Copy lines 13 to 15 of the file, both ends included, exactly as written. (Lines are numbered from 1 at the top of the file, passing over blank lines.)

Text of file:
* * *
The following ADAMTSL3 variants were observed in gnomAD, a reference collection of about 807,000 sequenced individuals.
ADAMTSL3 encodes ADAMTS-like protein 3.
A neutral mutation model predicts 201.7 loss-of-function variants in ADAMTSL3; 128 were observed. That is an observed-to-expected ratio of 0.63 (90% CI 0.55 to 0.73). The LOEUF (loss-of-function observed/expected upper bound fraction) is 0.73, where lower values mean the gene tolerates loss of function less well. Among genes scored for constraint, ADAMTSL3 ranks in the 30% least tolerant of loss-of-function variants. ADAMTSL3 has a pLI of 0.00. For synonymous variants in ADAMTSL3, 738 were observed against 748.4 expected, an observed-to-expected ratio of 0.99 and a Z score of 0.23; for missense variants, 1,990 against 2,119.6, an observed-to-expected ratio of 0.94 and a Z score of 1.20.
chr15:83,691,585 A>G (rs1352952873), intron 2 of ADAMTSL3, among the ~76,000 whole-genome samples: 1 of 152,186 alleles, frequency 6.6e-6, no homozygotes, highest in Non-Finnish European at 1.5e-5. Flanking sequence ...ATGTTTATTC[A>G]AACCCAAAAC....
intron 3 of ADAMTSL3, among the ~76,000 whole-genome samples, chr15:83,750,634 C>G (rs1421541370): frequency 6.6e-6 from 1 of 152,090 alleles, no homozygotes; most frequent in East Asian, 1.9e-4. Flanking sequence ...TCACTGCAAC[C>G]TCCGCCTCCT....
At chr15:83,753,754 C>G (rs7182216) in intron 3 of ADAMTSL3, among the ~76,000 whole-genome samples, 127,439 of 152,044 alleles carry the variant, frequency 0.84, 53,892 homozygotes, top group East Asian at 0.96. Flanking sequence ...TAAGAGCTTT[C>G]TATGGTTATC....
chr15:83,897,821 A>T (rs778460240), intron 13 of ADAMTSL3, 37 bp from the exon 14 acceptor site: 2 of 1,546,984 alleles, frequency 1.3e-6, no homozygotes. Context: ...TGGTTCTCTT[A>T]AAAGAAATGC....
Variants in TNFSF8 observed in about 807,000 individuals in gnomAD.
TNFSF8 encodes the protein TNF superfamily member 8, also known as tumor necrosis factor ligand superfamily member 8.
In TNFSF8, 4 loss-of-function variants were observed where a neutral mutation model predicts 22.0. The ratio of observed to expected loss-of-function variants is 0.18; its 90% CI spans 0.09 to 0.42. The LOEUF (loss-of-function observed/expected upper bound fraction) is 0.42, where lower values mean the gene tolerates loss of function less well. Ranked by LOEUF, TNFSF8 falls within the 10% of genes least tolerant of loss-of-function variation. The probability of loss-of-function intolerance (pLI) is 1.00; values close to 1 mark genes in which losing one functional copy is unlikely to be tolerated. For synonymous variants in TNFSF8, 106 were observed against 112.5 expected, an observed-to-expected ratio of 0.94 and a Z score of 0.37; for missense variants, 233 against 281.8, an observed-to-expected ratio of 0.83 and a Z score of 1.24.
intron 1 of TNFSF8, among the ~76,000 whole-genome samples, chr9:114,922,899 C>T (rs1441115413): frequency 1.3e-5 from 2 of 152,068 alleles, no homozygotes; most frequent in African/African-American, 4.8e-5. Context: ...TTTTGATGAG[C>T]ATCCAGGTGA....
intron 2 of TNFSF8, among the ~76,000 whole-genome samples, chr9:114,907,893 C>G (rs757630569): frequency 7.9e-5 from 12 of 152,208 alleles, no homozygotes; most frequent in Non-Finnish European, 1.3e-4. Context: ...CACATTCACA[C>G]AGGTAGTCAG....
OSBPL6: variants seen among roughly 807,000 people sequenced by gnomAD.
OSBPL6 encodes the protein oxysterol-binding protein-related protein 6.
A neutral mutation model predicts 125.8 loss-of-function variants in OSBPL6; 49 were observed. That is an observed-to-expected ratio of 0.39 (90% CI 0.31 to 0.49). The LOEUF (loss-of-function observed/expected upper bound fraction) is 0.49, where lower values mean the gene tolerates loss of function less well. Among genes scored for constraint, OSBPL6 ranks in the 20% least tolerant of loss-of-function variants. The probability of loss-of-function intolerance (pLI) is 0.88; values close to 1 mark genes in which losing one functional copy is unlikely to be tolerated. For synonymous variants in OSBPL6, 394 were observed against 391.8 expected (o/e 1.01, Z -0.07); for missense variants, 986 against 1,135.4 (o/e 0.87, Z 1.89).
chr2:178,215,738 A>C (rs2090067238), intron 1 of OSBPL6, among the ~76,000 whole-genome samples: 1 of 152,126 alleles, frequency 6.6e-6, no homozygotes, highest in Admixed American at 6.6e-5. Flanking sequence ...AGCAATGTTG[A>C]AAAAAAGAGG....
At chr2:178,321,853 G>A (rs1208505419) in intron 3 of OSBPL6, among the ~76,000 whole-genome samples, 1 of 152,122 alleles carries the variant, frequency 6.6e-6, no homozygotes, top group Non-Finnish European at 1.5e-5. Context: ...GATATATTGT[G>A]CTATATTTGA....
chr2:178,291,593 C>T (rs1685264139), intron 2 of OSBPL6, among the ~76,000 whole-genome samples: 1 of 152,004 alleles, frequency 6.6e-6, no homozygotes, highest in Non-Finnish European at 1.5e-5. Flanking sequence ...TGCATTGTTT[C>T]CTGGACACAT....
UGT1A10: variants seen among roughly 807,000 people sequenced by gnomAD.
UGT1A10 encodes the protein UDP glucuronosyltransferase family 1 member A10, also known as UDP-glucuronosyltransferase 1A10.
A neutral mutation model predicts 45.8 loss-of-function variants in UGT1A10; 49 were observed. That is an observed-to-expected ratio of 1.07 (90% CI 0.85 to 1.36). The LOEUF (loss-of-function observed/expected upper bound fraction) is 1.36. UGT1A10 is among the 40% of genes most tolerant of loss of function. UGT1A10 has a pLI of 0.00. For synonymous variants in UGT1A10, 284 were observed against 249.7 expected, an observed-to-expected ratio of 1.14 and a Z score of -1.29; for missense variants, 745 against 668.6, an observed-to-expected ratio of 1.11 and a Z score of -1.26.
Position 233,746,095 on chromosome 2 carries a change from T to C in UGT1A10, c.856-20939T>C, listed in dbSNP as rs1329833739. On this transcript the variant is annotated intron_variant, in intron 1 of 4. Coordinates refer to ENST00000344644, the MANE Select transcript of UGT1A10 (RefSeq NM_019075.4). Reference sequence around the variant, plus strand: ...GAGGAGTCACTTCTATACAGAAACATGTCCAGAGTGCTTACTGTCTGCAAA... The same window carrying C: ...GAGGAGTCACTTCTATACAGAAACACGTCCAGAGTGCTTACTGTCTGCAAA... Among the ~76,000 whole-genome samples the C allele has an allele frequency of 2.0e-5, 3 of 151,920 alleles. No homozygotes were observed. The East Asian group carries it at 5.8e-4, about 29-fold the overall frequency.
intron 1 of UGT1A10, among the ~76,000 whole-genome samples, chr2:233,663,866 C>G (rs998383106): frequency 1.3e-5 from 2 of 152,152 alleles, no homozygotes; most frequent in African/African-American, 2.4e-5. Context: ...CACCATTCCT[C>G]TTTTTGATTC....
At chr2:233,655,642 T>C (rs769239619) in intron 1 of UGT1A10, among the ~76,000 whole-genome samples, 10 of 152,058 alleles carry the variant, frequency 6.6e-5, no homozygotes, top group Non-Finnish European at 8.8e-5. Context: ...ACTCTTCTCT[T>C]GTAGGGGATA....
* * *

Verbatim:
OSBPL6: variants seen among roughly 807,000 people sequenced by gnomAD.
OSBPL6 encodes the protein oxysterol-binding protein-related protein 6.
A neutral mutation model predicts 125.8 loss-of-function variants in OSBPL6; 49 were observed. That is an observed-to-expected ratio of 0.39 (90% CI 0.31 to 0.49). The LOEUF (loss-of-function observed/expected upper bound fraction) is 0.49, where lower values mean the gene tolerates loss of function less well. Among genes scored for constraint, OSBPL6 ranks in the 20% least tolerant of loss-of-function variants. The probability of loss-of-function intolerance (pLI) is 0.88; values close to 1 mark genes in which losing one functional copy is unlikely to be tolerated. For synonymous variants in OSBPL6, 394 were observed against 391.8 expected (o/e 1.01, Z -0.07); for missense variants, 986 against 1,135.4 (o/e 0.87, Z 1.89).